January 9, 2011

Sailing South

When my granddaughter, Jordyn, was younger, she used to sing a song about continents and point them out on our globe. Well, Jordyn, we have now been to all seven! This was another goal of our trip and what an amazing experience it was!

Ninety-six passengers, including us, boarded the Polar Star, a Swedish icebreaker in a former life) on December 29th and sailed calmly into the Beagle Channel (named after Charles Darwin's ship). That evening, after taking our seasickness medication, we entered the Drake Passage which turned out to be relatively uneventful and we spent the next two days reading and napping and trying to get our sea legs.

New Year's Eve was our first landing. Zodiacs were launched and ten people boarded each one with one of the Expedition Guides who drove and provided commentary about what we were going to experience. This outing was to the Arctowski Research Station on King George Island which is operated by Poland and our captain and crew were Polish and it was New Year's Eve and so ….... Cheerski!

This was our first penguin sighting and we were all thrilled to see them waddling along-many quite close as they have no fear of humans. The first thing we learned about penguins is that they STINK! The smell of penguin poo permeates places. Consider they live on a diet of fish then add the natural processes and you can begin to imagine the stench. Its called “guano” and was actually harvested in the past for fertilizer. Penguins walk single file and make 'penguin highways' lined in guano where they walk, slide, fall to and from the sea to their nests high in rocky outcrops. We were fortunate that we arrived just after the chicks had been hatched so we saw lots of fluffy, grey babies still at their parents feet (moms and dads take turns sitting in the nest) and feeding them the regurgitated fish they have eaten.

Back to the ship for New Year's Eve, where we were just in time to hoist a glass of champaign and toast the new year. No fashionistas here! Most people were still dressed in their trekking clothes but RA and I managed to dash into the outfits we've been dragging along for three months for this occasion. We were totally overdressed! Speaking of fashionistas, we had a celebrity on board. Roberto Cavalli, a 70 year old, Italian dress designer with his gorgeous 25 year old 'assistant' who had flown in on his private jet and had his own personal Zodiac and expedition guide. He was there doing research for his next collection labelled 'Arctic White'. We were a little miffed that he didn't ask for our input! The passenger list was quite diverse with over half being Americans, 10 Canadians and the rest Ausies, Germans, Swiss and one Israeli. With open seating, we were able to meet most and I'm sure the Reynens enjoyed a respite from our constant presence!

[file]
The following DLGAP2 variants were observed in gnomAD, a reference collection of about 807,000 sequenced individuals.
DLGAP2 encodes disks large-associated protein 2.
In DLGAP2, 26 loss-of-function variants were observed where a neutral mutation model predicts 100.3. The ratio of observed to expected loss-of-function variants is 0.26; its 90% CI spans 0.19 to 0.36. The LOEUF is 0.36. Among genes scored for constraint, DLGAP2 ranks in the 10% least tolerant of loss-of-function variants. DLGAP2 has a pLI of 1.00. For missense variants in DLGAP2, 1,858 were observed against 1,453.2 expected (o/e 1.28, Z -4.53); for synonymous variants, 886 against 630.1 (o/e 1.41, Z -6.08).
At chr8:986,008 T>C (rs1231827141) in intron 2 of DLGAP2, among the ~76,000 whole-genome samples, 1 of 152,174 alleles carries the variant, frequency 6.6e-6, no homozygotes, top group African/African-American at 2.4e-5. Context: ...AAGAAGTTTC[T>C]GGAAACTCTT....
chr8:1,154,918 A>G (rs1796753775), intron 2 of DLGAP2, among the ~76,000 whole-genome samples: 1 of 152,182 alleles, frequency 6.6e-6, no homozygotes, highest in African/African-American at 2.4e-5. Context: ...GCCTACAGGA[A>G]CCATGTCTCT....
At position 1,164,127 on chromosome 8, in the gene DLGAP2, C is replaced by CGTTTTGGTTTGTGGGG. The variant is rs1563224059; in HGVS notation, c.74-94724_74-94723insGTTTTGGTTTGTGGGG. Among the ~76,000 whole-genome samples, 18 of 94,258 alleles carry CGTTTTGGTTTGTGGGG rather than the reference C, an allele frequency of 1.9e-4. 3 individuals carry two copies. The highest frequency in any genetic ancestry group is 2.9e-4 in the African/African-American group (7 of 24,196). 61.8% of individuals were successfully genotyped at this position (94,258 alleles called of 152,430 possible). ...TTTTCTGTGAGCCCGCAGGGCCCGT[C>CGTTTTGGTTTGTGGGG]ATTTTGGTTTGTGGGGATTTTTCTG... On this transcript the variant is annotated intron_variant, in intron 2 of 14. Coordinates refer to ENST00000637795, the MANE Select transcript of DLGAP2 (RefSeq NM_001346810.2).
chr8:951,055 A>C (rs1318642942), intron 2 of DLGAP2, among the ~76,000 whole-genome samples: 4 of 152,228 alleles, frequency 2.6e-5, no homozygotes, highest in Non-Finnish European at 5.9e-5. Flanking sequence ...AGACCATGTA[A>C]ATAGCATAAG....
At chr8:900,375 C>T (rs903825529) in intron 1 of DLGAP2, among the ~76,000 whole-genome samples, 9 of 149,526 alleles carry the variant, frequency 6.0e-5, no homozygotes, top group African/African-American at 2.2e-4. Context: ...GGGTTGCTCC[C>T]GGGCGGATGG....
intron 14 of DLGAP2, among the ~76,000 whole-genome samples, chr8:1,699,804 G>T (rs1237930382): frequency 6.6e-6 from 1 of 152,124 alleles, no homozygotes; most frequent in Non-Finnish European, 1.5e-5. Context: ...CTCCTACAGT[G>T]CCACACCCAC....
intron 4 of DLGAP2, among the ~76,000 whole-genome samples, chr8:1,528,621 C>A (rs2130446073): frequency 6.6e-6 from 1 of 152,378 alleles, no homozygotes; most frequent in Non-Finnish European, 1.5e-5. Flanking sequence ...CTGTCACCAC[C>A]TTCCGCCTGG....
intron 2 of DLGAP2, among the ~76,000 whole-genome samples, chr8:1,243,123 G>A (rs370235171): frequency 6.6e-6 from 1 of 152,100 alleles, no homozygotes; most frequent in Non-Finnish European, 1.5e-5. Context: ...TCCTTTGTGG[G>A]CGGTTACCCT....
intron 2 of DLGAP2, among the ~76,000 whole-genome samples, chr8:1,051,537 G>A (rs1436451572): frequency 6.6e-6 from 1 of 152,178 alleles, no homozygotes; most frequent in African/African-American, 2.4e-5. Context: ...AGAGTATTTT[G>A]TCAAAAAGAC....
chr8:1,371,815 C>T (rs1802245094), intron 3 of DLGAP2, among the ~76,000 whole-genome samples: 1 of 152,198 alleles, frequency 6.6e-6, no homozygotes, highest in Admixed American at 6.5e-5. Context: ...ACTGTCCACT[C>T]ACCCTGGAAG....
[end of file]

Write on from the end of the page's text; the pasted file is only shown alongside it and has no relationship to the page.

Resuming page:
We made two landings a day and one day three-visiting four research stations: Polish, Ukrainian, British and Argentinian. Its hard to narrow down exactly what they're researching. There's just so many penguins you can count. Speculation is they are primarily guarding their sovereign rights to future mineral, gas and oil deposits. On these daily outings, we would land where we could watch penguins (Gentoo, Chinstrap, Adelie), seals (leopard, fur, Crabeater, Weddell) and giant petrels. On our way to and from the ship, we would divert course to get up close and personal with the icebergs. These ranged from giant edifices 25 feet high and long as a football field to translucent, dimpled bits that you could pick out and taken back to the ship to cool your drinks. What's surprising is the beautiful blue lines and shadows caused when oxygen is compressed from the 100,000 year old ice or dark stripes containing the soil and gravel dug out by the glaciers on their way to the sea.

But without doubt, one of the highlights of the trip was the morning we were awakened at 6:00am to see the orcas that were spotted ahead. We all dressed and rushed to the bow in time to see them swimming along side the ship, blowing spumes of water in the air and jumping out of the water and diving back down. This is a sight I will never forget! Later on we saw Humpback whales but, as you know, the first time is always special.

So we had a glorious trip but every silver lining has a cloud. On the way back, the Dreaded Drake dished up a force 8 gale which literally pitched you out of bed! Thanks to Dramamine, we arrived back in Ushuaia none the worse for wear with very fond memories of the White Continent!

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